Use of Bicycles Zips Ahead Around Globe, Report Finds

WHETHER it's for carrying baskets full of grain from field to village or just for getting to a commuter bus stop, the bicycle has sharply increased as the leading means of personal transportation worldwide in the past 20 years, a new Worldwatch Institute report says.

The environmental group's Vital Signs Brief No. 6 - part of a series of trend reports - is a sort of roundup of the state of the bike.

As worldwide automobile production has remained roughly level since the 1970s at between 30 million and 35 million units a year, bicycle production has accelerated more than 100 percent in the same period to 100 million produced annually, data gathered by Worldwatch show.

"It may stretch credulity that we seriously compare [autos and bikes] and say there's increased bicycle production," says Ed Ayres, Worldwatch senior editor, "but we consider them in the same league [because] the overwhelming majority of bicycles are used for carrying grain from fields to villages and to get to work."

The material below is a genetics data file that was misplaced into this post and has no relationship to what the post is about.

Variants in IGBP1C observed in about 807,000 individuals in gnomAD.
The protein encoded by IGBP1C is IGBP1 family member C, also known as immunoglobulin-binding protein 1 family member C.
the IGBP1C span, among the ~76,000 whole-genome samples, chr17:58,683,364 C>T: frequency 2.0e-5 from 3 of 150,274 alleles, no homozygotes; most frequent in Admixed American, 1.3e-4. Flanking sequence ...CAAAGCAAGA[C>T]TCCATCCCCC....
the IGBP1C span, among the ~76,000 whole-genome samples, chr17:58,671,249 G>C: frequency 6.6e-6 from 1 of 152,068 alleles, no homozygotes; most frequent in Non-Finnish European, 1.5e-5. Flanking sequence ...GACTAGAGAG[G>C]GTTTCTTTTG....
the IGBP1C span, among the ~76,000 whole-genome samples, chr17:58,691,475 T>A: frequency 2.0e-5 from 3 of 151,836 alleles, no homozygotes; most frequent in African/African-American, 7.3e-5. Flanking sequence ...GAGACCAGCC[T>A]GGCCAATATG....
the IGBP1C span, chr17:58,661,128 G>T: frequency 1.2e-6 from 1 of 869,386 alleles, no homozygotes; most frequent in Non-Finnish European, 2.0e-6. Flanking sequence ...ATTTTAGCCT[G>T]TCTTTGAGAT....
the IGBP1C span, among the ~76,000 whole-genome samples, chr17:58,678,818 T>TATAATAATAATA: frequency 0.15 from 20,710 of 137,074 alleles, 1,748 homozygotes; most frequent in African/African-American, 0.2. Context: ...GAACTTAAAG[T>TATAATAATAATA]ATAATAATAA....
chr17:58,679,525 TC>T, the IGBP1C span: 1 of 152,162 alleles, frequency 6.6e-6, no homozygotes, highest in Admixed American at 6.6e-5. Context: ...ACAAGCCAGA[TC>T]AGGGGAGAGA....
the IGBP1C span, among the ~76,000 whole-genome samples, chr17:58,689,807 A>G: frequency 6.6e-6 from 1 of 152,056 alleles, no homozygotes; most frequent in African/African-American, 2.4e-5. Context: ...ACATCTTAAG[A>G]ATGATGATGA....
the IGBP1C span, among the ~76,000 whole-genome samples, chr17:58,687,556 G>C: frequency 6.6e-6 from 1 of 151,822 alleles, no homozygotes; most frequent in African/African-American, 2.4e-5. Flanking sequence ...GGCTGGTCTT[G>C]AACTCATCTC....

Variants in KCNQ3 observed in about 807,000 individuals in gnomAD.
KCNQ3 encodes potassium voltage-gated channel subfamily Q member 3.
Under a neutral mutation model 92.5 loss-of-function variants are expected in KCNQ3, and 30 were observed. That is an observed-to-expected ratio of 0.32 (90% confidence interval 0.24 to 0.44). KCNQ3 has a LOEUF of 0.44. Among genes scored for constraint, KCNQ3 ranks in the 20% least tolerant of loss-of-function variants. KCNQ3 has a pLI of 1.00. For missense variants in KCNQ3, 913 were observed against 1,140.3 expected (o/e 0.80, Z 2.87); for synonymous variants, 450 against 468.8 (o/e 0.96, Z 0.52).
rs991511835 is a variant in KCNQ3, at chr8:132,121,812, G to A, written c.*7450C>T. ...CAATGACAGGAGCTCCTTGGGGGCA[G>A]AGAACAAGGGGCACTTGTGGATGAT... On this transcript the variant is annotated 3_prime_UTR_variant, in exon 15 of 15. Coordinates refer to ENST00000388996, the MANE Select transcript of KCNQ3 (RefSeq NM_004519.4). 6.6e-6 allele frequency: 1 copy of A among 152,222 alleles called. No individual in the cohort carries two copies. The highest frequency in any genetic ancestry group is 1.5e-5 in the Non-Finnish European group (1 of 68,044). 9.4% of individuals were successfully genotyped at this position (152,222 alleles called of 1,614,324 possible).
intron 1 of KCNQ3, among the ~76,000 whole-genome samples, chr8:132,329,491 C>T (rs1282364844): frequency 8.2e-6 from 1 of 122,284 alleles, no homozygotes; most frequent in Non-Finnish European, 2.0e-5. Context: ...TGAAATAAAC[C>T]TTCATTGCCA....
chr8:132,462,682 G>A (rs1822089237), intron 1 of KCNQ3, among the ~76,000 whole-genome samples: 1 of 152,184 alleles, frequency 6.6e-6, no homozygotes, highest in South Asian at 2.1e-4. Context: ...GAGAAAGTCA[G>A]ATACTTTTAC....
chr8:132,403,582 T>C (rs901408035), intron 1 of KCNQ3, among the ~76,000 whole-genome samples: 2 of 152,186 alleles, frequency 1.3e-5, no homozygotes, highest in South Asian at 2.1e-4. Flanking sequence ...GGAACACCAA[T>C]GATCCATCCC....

The trend suggests a significant shift away from the prevailing post-World War II assumption that as the world industrialized and affluence spread, so would the American ideal of a car in every garage, says the report.

While the dream of owning a car may exist all over the world, realities such as the oil-price shocks of the 1970s, growing air pollution from cars, and the high costs of buying and maintaining cars have limited that dream, says Lester Brown, president of Worldwatch.

"The future isn't going to be a Super Bowl contest between cars and bikes," says Mr. Ayers, but the widespread use of bicycles as a business alternative in congested urban areas is already a reality.

For example, messenger service by bike is frequently the quickest reliable in-town delivery method. Domino's Pizza has begun using bicycle fleets. So have urban police departments, who have found that pedaling can be an easier way to chase fugitives than using cars, he says.

Worldwatch expects the trend - which now puts bicycle ownership at 800 million worldwide, compared with auto ownership of 460 million - to continue. That growing popularity calls for more recognition of biker needs - such as improved, more extensive bike paths, the report says.

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